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Navigating Menopause: Keeping Your Relationships on an Even Keel
Between mood swings and added stress, menopause can be a minefield even for healthy relationships. Small adjustments in your perspective and daily routine can help you pull through without breaking any bonds or burning any bridges. Here's how.
By Carol McCullough, MLS
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The emotional effects of menopause can range from irritability to anxiety to depression. It’s no wonder many women report having relationship issues during this time. You don’t have to work through the changes alone, though. Making that extra effort to stay connected with your nearest and dearest companions won’t always be easy, but you’ll be glad to have them by your side once the hot flashes have cooled and your symptoms have subsided.
The mood swings, hot flashes, and general aches and pains that can accompany menopause have to be understood and dealt with, health experts say, so that you can maintain your perspective. And understanding what's happening to you both physically and emotionally, is only the first step in getting through menopause without having relationships, both personal and business, fall apart.
Here's a list that can give you a good idea of the types of emotional issues women may experience in menopause:
- Rapid mood swings
- Feelings of sadness
- Lack of motivation
- Difficulty concentrating
- Tension and anxiety
With emotional changes like these, it's easy to understand how menopause can also affect healthy relationships. Here are some factors that may contribute to mood swings during menopause:
These emotional fluctuations are often attributed to declining estrogen levels that impact the brain's neurotransmitters, chemical substances that regulate mood.
While depression has been associated with menopause, there is no evidence that it is caused by menopause. However, women who have fought depression in the past may be more susceptible to a recurrence during menopause.
Physical and Sexual Changes
Many menopausal women feel undesirable because they are experiencing vaginal dryness and a lack of sexual libido. This is a normal occurrence, but that doesn't make it easy to deal with. Some scientists have reported that the lack of libido is associated with declining levels of the male hormone testosterone, which women carry in their bodies, although not at the levels that men do.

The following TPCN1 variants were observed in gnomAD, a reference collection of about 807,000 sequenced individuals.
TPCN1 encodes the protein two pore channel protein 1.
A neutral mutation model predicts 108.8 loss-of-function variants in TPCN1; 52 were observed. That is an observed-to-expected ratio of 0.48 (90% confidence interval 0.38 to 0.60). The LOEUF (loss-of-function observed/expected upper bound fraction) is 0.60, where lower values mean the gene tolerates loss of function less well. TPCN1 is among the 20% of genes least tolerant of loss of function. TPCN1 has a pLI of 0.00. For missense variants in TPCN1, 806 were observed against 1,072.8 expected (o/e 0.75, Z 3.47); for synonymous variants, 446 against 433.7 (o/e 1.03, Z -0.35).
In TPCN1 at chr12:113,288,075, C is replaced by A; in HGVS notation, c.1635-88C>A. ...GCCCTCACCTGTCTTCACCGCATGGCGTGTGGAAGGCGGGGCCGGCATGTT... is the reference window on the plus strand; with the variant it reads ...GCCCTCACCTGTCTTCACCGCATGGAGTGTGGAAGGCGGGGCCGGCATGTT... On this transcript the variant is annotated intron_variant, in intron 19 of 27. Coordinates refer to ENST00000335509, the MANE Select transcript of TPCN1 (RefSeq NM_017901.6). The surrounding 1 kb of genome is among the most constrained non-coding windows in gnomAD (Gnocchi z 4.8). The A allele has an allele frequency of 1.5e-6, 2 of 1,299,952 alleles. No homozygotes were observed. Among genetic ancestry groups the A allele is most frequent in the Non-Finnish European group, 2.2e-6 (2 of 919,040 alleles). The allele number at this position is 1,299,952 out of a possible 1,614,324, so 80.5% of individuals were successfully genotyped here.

A recent study published in theJournal of the American Medical Associationfound that women with low testosterone levels were significantly more likely to suffer from fatigue, depression, and loss of libido than women with higher levels of the hormone.
In her bookDouble Menopause, Nancy Cetel, MD, a California obstetrician and gynecologist, discusses the many changes couples experience while menopause is occurring. A loss of desire for sex may be caused by the hormonal changes, but there might be an emotional element that needs to be dealt with as well.
In fact, the Study of Women's Health Across the Nation (SWAN) published the results of a survey of 3,100 women and found the biggest influence on the women's sex lives wasn't their menopausal status. Instead, it was the same type of general problems that many women face throughout their lives: sex and aging, falling into a routine with your sex life, not enough time to enjoy your partner, etc.
How to Protect Your Relationships During Menopause
While hormone replacement therapy (HRT) and antidepressants may help, the solution for dealing successfully with the many relationships in your life during menopause is really much more about adjusting your daily routine and your overall outlook. Here are a few suggestions:
- Exercise regularly and eat healthy foods.Study after study has confirmed that a nutritious and balanced diet is essential in maintaining a healthy lifestyle. The Everyday Health Diet and Nutrition Center offers an excellent primer for good nutrition.
- Find your inner calm.A self-calming technique, such as yoga, meditation, rhythmic breathing, reading, or prayer can help you balance your wayward emotions and keep your relationships on an even keel.
- Avoid tranquilizers and/or alcohol.Even though many studies have talked about the benefits of moderate daily alcohol intake, keep in mind that alcohol is a depressant and may not be beneficial for you if you are going through frequent or troubling mood changes. Tranquilizers can have the same unwanted effects.
- Get creative.Engage in productive outlets that foster a sense of self-esteem and achievement. If you've had a longstanding desire to become more involved in charity work or to help your church or synagogue, this may be a good time to do so. These types of activities, which can also include sports and leisure pursuits, help you feel better about yourself, which improves the way you interact with others.
- Stay connected with your family, friends, and community.The worst thing you can do while going through menopause is withdraw from those closest to you. Even if you don't feel up to it, you should schedule family (and friend) time on a regular basis. Invariably, you'll feel better after you've seen people you hold near and dear.
- Keep a journal.You may not end up publishing a best-seller, but writing down your thoughts, hopes, problems, and aspirations can ease your emotional stress and give you a much more balanced perspective on your situation.
Most important, try to remember that menopause is only a phase, and that you will soon get past it into the calmer emotional waters that lie ahead.
Medically reviewed by:Daniel McNeive, MD, board certified in obstetrics/gynecology and in private practice at St. John's Mercy Medical Center in St. Louis, Missouri. Review date: October, 6, 2008.
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